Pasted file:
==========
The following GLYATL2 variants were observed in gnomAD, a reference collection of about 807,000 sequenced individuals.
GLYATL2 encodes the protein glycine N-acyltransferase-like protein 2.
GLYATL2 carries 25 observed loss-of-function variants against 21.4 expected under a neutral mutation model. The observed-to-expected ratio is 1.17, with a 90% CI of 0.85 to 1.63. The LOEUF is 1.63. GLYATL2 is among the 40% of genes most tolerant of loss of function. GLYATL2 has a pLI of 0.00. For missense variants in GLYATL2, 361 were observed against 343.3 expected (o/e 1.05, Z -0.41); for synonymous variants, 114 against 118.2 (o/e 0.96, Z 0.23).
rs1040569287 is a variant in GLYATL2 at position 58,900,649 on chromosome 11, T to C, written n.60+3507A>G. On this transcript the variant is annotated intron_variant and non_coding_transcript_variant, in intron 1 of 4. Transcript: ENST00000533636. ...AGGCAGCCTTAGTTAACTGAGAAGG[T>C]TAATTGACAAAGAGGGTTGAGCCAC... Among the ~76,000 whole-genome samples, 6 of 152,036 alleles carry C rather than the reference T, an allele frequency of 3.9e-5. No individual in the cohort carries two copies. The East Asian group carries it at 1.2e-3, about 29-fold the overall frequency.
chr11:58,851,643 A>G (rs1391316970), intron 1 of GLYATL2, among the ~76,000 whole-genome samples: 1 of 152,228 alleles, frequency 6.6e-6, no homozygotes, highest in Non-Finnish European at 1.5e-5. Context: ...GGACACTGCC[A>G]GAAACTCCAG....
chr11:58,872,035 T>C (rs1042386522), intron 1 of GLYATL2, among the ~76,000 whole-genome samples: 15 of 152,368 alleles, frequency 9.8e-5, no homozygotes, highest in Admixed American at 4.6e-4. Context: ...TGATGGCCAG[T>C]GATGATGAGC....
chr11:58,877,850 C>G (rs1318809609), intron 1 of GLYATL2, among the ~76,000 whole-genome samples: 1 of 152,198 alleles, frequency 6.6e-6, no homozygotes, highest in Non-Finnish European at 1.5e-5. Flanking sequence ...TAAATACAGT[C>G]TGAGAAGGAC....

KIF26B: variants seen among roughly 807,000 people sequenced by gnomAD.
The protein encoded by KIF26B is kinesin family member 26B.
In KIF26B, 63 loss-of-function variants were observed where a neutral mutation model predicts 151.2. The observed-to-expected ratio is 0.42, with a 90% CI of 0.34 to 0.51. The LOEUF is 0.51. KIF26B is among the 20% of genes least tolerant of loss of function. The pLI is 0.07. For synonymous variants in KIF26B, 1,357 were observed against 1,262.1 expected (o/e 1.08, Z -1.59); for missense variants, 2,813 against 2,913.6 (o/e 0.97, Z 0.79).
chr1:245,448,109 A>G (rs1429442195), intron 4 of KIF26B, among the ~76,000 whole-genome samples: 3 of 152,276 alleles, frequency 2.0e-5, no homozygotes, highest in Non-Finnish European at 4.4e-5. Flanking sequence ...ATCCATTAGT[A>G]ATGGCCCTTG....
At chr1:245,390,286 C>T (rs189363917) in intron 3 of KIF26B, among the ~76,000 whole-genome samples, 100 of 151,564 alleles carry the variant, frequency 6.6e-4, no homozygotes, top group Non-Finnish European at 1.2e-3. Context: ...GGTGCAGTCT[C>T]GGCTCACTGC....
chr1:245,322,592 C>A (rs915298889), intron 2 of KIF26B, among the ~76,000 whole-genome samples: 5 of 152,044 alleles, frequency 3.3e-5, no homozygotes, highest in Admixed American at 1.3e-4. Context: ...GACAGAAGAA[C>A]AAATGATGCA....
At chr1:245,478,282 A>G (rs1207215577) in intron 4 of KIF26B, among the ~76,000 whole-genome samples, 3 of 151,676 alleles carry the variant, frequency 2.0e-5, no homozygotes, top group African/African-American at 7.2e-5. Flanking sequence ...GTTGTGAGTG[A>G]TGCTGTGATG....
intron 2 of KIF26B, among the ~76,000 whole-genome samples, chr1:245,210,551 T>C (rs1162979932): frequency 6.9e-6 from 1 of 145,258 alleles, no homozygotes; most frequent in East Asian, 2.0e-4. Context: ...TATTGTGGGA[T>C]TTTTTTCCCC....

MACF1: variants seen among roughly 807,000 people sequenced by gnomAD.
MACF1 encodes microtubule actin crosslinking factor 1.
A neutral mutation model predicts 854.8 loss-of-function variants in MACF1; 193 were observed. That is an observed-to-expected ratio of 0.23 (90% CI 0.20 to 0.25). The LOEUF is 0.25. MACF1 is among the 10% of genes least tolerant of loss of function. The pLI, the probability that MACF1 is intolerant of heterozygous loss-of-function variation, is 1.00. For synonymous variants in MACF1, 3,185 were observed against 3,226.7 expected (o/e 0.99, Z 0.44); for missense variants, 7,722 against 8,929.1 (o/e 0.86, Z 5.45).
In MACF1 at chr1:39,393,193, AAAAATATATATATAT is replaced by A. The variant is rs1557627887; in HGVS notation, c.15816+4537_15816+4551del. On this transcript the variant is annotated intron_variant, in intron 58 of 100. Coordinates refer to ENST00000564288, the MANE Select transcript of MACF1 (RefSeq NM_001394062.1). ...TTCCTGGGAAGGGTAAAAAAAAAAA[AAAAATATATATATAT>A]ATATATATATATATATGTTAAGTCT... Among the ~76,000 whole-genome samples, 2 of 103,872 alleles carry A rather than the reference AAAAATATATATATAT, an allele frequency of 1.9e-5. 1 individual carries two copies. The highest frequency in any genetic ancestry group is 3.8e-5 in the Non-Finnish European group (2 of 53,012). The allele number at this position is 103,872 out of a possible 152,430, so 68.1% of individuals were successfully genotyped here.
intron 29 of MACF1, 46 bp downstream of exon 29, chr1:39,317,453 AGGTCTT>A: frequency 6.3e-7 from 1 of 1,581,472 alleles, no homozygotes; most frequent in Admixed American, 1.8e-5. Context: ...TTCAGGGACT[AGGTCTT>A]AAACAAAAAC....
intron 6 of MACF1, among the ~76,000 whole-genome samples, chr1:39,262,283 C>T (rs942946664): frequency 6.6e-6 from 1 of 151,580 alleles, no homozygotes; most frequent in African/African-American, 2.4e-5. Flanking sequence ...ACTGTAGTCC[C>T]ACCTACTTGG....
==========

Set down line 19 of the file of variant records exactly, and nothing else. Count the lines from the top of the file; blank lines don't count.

In MACF1 at chr1:39,393,193, AAAAATATATATATAT is replaced by A. The variant is rs1557627887; in HGVS notation, c.15816+4537_15816+4551del. On this transcript the variant is annotated intron_variant, in intron 58 of 100. Coordinates refer to ENST00000564288, the MANE Select transcript of MACF1 (RefSeq NM_001394062.1). ...TTCCTGGGAAGGGTAAAAAAAAAAA[AAAAATATATATATAT>A]ATATATATATATATATGTTAAGTCT... Among the ~76,000 whole-genome samples, 2 of 103,872 alleles carry A rather than the reference AAAAATATATATATAT, an allele frequency of 1.9e-5. 1 individual carries two copies. The highest frequency in any genetic ancestry group is 3.8e-5 in the Non-Finnish European group (2 of 53,012). The allele number at this position is 103,872 out of a possible 152,430, so 68.1% of individuals were successfully genotyped here.